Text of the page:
Wildlife biologists won't have to wait a full three years to find out if the experiment is working. Battery-operated acoustic tags have been surgically implanted into the gut of 600 of the fry — half in the control group and half in the trucked salmon — so transceivers in the river can monitor the fish's progress.
Under current practices, a good number of the salmon reared and released from the Coleman hatchery are lost in their first 75 miles of swimming from Battle Creek and down the Sacramento River. There's also a high mortality rate for the fish in years when there's low water in the Sacramento River due to predators.
The salmon sent into the river this week should have a higher survival rate anyway because the river is murkier from the higher flows out of Shasta Dam, giving the fry better camouflage from their hungry predators, McManus said.
"Everybody likes to eat baby salmon. They're on everybody's menu," McManus said.
Others partnering in the study are the U.S. Bureau of Reclamation, the University of California at Davis and the Nor-Cal Guides and Sportsmen's Association.
A different experiment was tried in March 2016 to see if releasing salmon fry earlier — when they're 2-and-a-half inches long — would increase survival rates. Typically the hatchery releases fall-run chinook salmon in early April when they're 3 inches long.
This year is when hatchery officials expect to get solid data on that operation, McManus said.
Scientist urges Reclamation to reduce salmon pre-spawning mortality on American River
April 9, 2019
IndyBay by Dan Bacher
To ensure that there is less pre-spawning mortality and salmon can spawn in favorable water conditions, Felix Smith urges Reclamation to make an effort to get 59 to 60 DF by mid October and to remain at or below such temperature. He also says the stream flow should be in the range of 1900 to 2400 cfs.
Felix Smith, a Save the American River Association (SARA) board member and the former U.S. Fish and Wildlife biologist who exposed the Kesterson Wildlife Refuge selenium contamination scandal in 1982-83, has just sent a letter to the Bureau of Reclamation regarding his concerns about the operations of Folsom Dam and Reservoir for this summer and fall months.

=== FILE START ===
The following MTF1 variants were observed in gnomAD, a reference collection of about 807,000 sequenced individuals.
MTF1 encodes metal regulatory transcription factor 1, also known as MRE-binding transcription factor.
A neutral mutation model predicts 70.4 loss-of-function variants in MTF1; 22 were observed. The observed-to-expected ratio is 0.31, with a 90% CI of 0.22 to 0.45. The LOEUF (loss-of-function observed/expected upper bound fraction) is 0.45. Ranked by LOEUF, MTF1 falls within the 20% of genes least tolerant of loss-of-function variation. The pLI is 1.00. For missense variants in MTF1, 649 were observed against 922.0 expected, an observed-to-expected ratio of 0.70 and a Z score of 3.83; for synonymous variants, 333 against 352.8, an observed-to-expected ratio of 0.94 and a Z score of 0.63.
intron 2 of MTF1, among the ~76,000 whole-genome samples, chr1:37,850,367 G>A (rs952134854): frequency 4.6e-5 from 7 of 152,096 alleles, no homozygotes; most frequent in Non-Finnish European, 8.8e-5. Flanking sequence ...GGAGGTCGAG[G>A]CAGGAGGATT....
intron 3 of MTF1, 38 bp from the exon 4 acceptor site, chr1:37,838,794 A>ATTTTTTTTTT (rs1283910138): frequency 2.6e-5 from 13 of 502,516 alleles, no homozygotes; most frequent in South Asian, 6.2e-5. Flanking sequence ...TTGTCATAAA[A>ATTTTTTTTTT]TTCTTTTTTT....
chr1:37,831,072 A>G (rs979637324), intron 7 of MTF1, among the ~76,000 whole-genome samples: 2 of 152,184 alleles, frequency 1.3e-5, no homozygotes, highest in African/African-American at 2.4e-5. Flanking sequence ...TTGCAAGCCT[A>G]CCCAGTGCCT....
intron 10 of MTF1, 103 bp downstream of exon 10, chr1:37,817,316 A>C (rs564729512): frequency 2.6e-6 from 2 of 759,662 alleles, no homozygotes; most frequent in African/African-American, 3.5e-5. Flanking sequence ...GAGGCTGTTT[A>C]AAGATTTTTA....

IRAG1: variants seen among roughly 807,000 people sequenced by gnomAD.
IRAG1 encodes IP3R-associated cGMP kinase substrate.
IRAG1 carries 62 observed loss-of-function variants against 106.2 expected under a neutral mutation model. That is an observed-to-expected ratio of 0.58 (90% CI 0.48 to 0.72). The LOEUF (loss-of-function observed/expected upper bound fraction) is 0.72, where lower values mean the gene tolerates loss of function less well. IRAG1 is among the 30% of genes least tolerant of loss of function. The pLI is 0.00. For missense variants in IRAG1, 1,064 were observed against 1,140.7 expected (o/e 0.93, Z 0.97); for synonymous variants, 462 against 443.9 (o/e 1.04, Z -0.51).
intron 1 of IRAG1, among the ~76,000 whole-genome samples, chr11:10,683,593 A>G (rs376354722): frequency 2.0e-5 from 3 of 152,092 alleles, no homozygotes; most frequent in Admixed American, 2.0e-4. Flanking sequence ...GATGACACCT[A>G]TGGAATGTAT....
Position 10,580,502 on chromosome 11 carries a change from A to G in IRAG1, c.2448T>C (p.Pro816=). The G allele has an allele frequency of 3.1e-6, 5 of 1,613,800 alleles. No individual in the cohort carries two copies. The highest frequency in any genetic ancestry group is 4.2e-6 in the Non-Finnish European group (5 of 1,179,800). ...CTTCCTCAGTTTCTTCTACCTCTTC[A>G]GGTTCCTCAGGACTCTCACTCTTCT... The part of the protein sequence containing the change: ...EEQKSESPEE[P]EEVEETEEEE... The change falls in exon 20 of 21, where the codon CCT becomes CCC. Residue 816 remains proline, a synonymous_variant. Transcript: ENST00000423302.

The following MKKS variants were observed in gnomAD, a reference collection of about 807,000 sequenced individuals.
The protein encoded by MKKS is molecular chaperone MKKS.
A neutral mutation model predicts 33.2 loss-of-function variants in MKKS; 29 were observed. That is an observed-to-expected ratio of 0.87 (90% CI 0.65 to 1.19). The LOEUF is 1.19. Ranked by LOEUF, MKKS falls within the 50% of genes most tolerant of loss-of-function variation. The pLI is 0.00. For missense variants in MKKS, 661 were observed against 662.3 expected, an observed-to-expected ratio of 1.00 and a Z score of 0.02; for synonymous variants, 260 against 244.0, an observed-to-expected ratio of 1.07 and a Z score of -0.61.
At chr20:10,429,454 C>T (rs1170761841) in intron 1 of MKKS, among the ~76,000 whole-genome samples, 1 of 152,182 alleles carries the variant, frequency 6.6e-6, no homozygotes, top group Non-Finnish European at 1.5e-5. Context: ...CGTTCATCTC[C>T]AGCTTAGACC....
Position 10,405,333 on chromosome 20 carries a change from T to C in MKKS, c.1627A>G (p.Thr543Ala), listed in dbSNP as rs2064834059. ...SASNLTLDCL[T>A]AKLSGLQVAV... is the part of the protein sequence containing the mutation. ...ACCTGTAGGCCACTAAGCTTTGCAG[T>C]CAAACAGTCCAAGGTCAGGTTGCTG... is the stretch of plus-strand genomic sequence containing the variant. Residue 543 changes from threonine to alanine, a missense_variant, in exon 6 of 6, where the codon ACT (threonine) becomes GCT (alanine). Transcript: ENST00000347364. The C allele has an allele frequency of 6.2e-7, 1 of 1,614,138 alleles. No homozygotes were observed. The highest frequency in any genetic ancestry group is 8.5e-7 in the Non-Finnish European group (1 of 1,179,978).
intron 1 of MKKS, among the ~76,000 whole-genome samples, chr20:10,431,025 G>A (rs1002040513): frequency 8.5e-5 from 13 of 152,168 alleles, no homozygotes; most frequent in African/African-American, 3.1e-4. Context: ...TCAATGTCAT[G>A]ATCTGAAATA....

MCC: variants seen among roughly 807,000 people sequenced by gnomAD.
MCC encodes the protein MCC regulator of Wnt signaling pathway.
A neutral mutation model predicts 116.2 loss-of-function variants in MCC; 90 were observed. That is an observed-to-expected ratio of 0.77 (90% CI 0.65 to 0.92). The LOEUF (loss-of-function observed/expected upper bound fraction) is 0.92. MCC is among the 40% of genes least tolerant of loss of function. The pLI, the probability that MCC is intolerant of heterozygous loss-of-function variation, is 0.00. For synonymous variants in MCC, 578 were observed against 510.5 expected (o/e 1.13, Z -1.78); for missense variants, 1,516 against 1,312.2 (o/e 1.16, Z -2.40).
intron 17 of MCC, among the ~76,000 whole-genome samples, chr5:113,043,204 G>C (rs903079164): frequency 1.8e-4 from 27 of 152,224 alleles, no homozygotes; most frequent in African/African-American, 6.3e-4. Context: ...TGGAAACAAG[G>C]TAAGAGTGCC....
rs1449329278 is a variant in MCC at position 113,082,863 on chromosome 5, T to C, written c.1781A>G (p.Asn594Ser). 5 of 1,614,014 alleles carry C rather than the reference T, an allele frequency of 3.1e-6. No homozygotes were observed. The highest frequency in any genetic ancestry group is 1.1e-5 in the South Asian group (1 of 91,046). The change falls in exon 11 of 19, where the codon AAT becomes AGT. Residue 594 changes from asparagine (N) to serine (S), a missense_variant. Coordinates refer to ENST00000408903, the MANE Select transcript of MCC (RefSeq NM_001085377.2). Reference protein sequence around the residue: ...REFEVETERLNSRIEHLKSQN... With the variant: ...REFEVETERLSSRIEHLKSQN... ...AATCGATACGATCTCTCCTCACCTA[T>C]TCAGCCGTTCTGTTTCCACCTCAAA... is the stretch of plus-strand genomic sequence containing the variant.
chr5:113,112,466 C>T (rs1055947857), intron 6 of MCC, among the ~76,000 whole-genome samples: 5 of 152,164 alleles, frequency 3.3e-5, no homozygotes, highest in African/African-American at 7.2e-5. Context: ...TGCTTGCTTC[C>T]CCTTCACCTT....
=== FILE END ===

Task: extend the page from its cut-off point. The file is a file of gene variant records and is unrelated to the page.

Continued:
“My concern is the amount of pre-spawning mortality of the Chinook salmon run that has occurred over the years of 2001 through 2017,” says Smith. “In my opinion, a pre-spawning mortality of more than 5 to 7 percent is uncalled for. An extra effort must be made to reduce such mortality.“
Smith says the Bureau should “prioritize the protection and propagation of Chinook salmon and steelhead. Lets try to reduce the pre-spawning mortality of the Chinook salmon run.”
He says a review of Chinook salmon spawning escapement data for the American River since 2001 shows pre-spawning mortality of 10 percent (2008) to 67 percent in (2001). The lowest per-spawning mortality occurred in 2009 at 4 percent and 6 percent in 2011, “years of very modest runs.”
To ensure that there is less pre-spawning mortality and salmon can spawn in favorable water conditions, Smith urges Reclamation to make an effort to get 59 to 60 DF by mid October and to remain at or below such temperature. He also says the stream flow should be in the range of 1900 to 2400 cfs.
As soon as Smith gets a response to his letter, I will post it here. It would be tragic to see the potential for a robust salmon spawning season on the American this year, due to the heavy Sierra Nevada snowpack, to be diminished due to high spawning mortalities.
We don’t want to see again the 67% mortality that occurred in 2001, a record year for returning American River Chinook salmon, due to low, warm water releases by Reclamation from Nimbus Dam.
The American River is a big contributor to ocean recreational and commercial salmon fisheries. Nimbus Hatchery fall Chinook salmon last year contributed 16 percent of the fish caught in the recreational ocean fishery and 16 percent of the fish landed in the commercial ocean salmon fishery, according to CDFW data.
In 2018, California Department of Fish and Wildlife (CDFW) scientists estimated that a total of 27,302 salmon, including 17,352 adults and 9,951 jacks and jills (two-year-olds), returned to the American River to spawn. This was 36 percent of the total escapement on the Sacramento River watershed. A total of 21,091, or 39 percent, were natural spawners, while 6,212, or 28 percent, were taken into the hatchery.